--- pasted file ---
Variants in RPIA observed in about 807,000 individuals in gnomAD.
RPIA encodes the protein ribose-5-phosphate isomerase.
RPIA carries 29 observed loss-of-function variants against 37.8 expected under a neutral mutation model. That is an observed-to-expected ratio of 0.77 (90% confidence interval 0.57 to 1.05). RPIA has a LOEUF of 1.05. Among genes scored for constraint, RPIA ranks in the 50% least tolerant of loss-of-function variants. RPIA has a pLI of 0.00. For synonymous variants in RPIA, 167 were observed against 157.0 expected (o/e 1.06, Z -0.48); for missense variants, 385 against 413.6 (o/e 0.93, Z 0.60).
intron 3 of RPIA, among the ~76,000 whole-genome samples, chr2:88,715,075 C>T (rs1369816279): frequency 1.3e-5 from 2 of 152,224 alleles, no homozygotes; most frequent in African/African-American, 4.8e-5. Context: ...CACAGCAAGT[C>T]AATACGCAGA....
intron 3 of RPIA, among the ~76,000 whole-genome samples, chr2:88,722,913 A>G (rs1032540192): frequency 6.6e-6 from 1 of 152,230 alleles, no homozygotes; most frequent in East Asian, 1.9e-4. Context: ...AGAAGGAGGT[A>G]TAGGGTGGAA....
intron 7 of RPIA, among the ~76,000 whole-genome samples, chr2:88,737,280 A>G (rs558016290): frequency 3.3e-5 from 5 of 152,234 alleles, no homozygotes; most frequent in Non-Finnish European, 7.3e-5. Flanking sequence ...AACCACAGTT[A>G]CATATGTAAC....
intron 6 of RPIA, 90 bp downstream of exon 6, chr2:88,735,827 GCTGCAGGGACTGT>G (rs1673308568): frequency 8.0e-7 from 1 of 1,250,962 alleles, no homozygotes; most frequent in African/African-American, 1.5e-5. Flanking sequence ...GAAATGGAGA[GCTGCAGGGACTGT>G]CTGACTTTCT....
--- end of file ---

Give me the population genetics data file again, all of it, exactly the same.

Variants in RPIA observed in about 807,000 individuals in gnomAD.
RPIA encodes the protein ribose-5-phosphate isomerase.
RPIA carries 29 observed loss-of-function variants against 37.8 expected under a neutral mutation model. That is an observed-to-expected ratio of 0.77 (90% confidence interval 0.57 to 1.05). RPIA has a LOEUF of 1.05. Among genes scored for constraint, RPIA ranks in the 50% least tolerant of loss-of-function variants. RPIA has a pLI of 0.00. For synonymous variants in RPIA, 167 were observed against 157.0 expected (o/e 1.06, Z -0.48); for missense variants, 385 against 413.6 (o/e 0.93, Z 0.60).
intron 3 of RPIA, among the ~76,000 whole-genome samples, chr2:88,715,075 C>T (rs1369816279): frequency 1.3e-5 from 2 of 152,224 alleles, no homozygotes; most frequent in African/African-American, 4.8e-5. Context: ...CACAGCAAGT[C>T]AATACGCAGA....
intron 3 of RPIA, among the ~76,000 whole-genome samples, chr2:88,722,913 A>G (rs1032540192): frequency 6.6e-6 from 1 of 152,230 alleles, no homozygotes; most frequent in East Asian, 1.9e-4. Context: ...AGAAGGAGGT[A>G]TAGGGTGGAA....
intron 7 of RPIA, among the ~76,000 whole-genome samples, chr2:88,737,280 A>G (rs558016290): frequency 3.3e-5 from 5 of 152,234 alleles, no homozygotes; most frequent in Non-Finnish European, 7.3e-5. Flanking sequence ...AACCACAGTT[A>G]CATATGTAAC....
intron 6 of RPIA, 90 bp downstream of exon 6, chr2:88,735,827 GCTGCAGGGACTGT>G (rs1673308568): frequency 8.0e-7 from 1 of 1,250,962 alleles, no homozygotes; most frequent in African/African-American, 1.5e-5. Flanking sequence ...GAAATGGAGA[GCTGCAGGGACTGT>G]CTGACTTTCT....